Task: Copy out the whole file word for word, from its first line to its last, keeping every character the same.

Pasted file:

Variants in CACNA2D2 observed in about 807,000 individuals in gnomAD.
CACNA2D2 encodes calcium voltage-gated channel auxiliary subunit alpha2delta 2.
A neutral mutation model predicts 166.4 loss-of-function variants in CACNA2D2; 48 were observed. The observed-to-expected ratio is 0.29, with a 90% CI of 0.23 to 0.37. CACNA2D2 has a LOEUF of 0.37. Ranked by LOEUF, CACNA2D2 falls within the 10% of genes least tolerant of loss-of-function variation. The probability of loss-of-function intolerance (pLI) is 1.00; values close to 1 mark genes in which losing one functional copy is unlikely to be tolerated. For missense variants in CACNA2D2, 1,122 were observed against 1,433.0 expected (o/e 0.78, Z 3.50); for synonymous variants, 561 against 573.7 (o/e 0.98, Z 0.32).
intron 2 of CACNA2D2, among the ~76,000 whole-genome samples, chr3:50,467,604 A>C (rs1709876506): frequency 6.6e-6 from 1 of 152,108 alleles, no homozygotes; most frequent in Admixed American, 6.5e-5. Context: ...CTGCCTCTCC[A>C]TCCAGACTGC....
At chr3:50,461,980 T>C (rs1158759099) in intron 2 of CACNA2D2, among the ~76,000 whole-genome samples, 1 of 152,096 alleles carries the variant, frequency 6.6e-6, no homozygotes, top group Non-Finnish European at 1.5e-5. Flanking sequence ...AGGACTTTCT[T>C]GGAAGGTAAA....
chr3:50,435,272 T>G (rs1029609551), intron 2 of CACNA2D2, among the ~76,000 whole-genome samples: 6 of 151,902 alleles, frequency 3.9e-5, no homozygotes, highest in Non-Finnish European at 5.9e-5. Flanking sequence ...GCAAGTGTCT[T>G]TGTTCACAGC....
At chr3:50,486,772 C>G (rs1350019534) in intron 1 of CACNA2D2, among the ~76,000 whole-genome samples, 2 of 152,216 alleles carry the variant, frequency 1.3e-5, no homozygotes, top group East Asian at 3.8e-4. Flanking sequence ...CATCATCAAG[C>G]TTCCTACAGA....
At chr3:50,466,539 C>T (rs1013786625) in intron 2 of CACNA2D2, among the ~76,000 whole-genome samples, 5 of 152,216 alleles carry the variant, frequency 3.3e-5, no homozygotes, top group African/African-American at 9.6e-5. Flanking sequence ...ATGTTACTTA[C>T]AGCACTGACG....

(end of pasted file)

Variants in CACNA2D2 observed in about 807,000 individuals in gnomAD.
CACNA2D2 encodes calcium voltage-gated channel auxiliary subunit alpha2delta 2.
A neutral mutation model predicts 166.4 loss-of-function variants in CACNA2D2; 48 were observed. The observed-to-expected ratio is 0.29, with a 90% CI of 0.23 to 0.37. CACNA2D2 has a LOEUF of 0.37. Ranked by LOEUF, CACNA2D2 falls within the 10% of genes least tolerant of loss-of-function variation. The probability of loss-of-function intolerance (pLI) is 1.00; values close to 1 mark genes in which losing one functional copy is unlikely to be tolerated. For missense variants in CACNA2D2, 1,122 were observed against 1,433.0 expected (o/e 0.78, Z 3.50); for synonymous variants, 561 against 573.7 (o/e 0.98, Z 0.32).
intron 2 of CACNA2D2, among the ~76,000 whole-genome samples, chr3:50,467,604 A>C (rs1709876506): frequency 6.6e-6 from 1 of 152,108 alleles, no homozygotes; most frequent in Admixed American, 6.5e-5. Context: ...CTGCCTCTCC[A>C]TCCAGACTGC....
At chr3:50,461,980 T>C (rs1158759099) in intron 2 of CACNA2D2, among the ~76,000 whole-genome samples, 1 of 152,096 alleles carries the variant, frequency 6.6e-6, no homozygotes, top group Non-Finnish European at 1.5e-5. Flanking sequence ...AGGACTTTCT[T>C]GGAAGGTAAA....
chr3:50,435,272 T>G (rs1029609551), intron 2 of CACNA2D2, among the ~76,000 whole-genome samples: 6 of 151,902 alleles, frequency 3.9e-5, no homozygotes, highest in Non-Finnish European at 5.9e-5. Flanking sequence ...GCAAGTGTCT[T>G]TGTTCACAGC....
At chr3:50,486,772 C>G (rs1350019534) in intron 1 of CACNA2D2, among the ~76,000 whole-genome samples, 2 of 152,216 alleles carry the variant, frequency 1.3e-5, no homozygotes, top group East Asian at 3.8e-4. Flanking sequence ...CATCATCAAG[C>G]TTCCTACAGA....
At chr3:50,466,539 C>T (rs1013786625) in intron 2 of CACNA2D2, among the ~76,000 whole-genome samples, 5 of 152,216 alleles carry the variant, frequency 3.3e-5, no homozygotes, top group African/African-American at 9.6e-5. Flanking sequence ...ATGTTACTTA[C>T]AGCACTGACG....